Sunak nears first anniversary as UK PM with little to celebrate

Two by-election losses to the Labour Party underscore how he has failed to revive the Conservatives' beleaguered fortunes during his first 12 months in office


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British Prime Minister Rishi Sunak. — Reuters file
British Prime Minister Rishi Sunak. — Reuters file

Published: Mon 23 Oct 2023, 2:05 PM

Last updated: Mon 23 Oct 2023, 2:06 PM

A first anniversary in office is normally a moment for a leader to celebrate, but Britain's Rishi Sunak hits the milestone this week with a mountain to climb to retain power in a general election expected next year.

Two by-election losses to the main opposition Labour Party on Thursday underscored how Sunak, 43, has failed to revive the Conservatives' beleaguered fortunes during his first 12 months in charge.

"The more people see of Sunak, the less they like him in some ways," Tim Bale, author of a book about the right-wing Conservatives since Brexit, told AFP.

"He doesn't really project authority, he doesn't necessarily give the impression that he's in control of events.

"He looks, in part, as if he's sort of lurching from one policy initiative to another in a desperate attempt to curry favour with the electorate."

Sunak entered 10 Downing Street on October 25, 2022, following the chaotic 49-day premiership of Liz Truss, who critics say tanked the UK economy and her party's ratings.

Truss had succeeded Boris Johnson, who quit following a revolt by colleagues over numerous scandals, including lockdown-breaking parties at his official residence during the Covid pandemic.

British politics expert Richard Hayton said Sunak had "calmed the factional fighting" among Tories and "helped restore some credibility" to the prime minister's office.

But Hayton, an associate professor at the University of Leeds, added that the former finance minister had "struggled to articulate a coherent or compelling vision for his premiership" that could resonate with voters.

With centre-left Labour enjoying double-digit leads in voter surveys for over a year now, politics lecturer David Jeffery agreed that the work done by Sunak had "not been anywhere near enough".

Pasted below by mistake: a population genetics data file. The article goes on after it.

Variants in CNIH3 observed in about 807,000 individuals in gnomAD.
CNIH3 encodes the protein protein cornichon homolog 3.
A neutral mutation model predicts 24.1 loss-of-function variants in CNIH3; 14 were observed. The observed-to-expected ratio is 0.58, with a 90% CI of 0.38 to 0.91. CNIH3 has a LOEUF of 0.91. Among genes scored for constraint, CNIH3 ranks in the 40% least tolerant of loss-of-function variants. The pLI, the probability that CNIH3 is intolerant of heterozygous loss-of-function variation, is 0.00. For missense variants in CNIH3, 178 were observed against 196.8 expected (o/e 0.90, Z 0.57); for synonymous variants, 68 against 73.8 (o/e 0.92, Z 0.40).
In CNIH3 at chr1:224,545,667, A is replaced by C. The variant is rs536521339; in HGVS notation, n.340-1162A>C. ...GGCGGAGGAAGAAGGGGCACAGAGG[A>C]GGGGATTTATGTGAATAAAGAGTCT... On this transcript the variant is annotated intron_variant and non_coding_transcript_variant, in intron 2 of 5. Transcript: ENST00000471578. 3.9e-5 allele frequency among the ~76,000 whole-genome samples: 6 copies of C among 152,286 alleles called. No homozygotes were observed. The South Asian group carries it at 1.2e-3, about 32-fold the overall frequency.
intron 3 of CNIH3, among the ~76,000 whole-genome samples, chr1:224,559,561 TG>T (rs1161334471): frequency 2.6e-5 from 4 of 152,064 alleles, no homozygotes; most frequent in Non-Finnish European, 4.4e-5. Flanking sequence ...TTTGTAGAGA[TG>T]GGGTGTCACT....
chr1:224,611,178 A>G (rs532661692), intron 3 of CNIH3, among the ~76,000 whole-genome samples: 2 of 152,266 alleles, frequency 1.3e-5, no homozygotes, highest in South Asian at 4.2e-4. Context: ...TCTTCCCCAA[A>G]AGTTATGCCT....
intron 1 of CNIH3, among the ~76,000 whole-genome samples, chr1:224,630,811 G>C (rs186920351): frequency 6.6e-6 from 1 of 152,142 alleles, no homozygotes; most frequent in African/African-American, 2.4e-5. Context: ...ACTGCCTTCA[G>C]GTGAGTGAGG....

"If you're 15 to 20 points behind in the polls, you don't want to be steadying the ship, you want to be recovering," said Jeffery, of the University of Liverpool.

Sunak is struggling to meet five flagship year-long policy priorities he made in January that include halving inflation, growing the economy and stopping boatloads of migrants crossing the Channel from France.

Inflation is stuck at 6.7 percent and growth is minimal, while more than 26,000 migrants have landed on England's southeast coast so far this year -- a slight decrease on last year's levels.

"He made himself a hostage to fortune" with his pledges, Jeffery told AFP.

In a change of tack this autumn, Sunak tried to position himself against Labour leader Keir Starmer as the candidate of change -- despite the Conservatives having been in power since 2010.

He pitched himself as a champion of motorists, rolling back green energy policies and confirming at the Tory party conference that he was scrapping part of a costly high-speed rail link.

But the leadership reset has failed to shift the dial. Sunak's approval ratings hit a record low last month while a More in Common survey this week showed the Tories remain 12 points behind Labour.

After Thursday's ominous losses in two previously safe Tory seats, including the biggest by-election overhaul of a majority since 1945, Sunak appears to be running out of road ahead of an election that must be held by January 2025.

"It seems as if they have fired all their ammunition now," said Bale, a politics professor at Queen Mary University of London.

Many experts say that Sunak's best chance of securing a fifth consecutive term for his party will come from any uptick in the economy that provides relief from a crippling cost-of-living crisis.

Data released Wednesday showed that UK wage growth was outstripping inflation for the first time in almost two years, providing Sunak with a glimmer of optimism.

Another hope is that Labour implodes.

Observers also expect Sunak to stoke "culture war" issues -- such as pressing ahead with plans to ban conversion therapy for sexual orientation -- and step up personal attacks on Starmer, 61.

But Bale suspects that voters have already made up their minds about Sunak and the Conservatives.

"They're just looking for a change and neither he nor they are it," he said.

Hayton agreed, adding: "It is difficult to see him being able to do enough to prevent Labour becoming the largest party."

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